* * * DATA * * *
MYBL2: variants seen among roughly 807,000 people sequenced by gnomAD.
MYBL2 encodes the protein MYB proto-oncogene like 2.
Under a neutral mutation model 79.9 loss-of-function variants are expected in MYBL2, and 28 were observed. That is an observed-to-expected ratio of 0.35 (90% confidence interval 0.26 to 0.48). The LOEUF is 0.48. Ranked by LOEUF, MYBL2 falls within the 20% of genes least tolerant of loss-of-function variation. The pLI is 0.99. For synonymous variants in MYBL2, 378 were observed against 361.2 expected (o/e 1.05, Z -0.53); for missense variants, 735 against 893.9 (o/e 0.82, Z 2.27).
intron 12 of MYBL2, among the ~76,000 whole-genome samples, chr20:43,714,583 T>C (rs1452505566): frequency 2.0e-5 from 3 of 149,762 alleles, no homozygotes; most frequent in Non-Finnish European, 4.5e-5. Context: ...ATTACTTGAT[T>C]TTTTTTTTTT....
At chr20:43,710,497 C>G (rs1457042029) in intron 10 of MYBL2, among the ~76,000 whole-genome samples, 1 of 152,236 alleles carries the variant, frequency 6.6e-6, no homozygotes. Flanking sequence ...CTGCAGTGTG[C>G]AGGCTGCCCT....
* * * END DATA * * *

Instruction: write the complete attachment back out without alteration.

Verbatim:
MYBL2: variants seen among roughly 807,000 people sequenced by gnomAD.
MYBL2 encodes the protein MYB proto-oncogene like 2.
Under a neutral mutation model 79.9 loss-of-function variants are expected in MYBL2, and 28 were observed. That is an observed-to-expected ratio of 0.35 (90% confidence interval 0.26 to 0.48). The LOEUF is 0.48. Ranked by LOEUF, MYBL2 falls within the 20% of genes least tolerant of loss-of-function variation. The pLI is 0.99. For synonymous variants in MYBL2, 378 were observed against 361.2 expected (o/e 1.05, Z -0.53); for missense variants, 735 against 893.9 (o/e 0.82, Z 2.27).
intron 12 of MYBL2, among the ~76,000 whole-genome samples, chr20:43,714,583 T>C (rs1452505566): frequency 2.0e-5 from 3 of 149,762 alleles, no homozygotes; most frequent in Non-Finnish European, 4.5e-5. Context: ...ATTACTTGAT[T>C]TTTTTTTTTT....
At chr20:43,710,497 C>G (rs1457042029) in intron 10 of MYBL2, among the ~76,000 whole-genome samples, 1 of 152,236 alleles carries the variant, frequency 6.6e-6, no homozygotes. Flanking sequence ...CTGCAGTGTG[C>G]AGGCTGCCCT....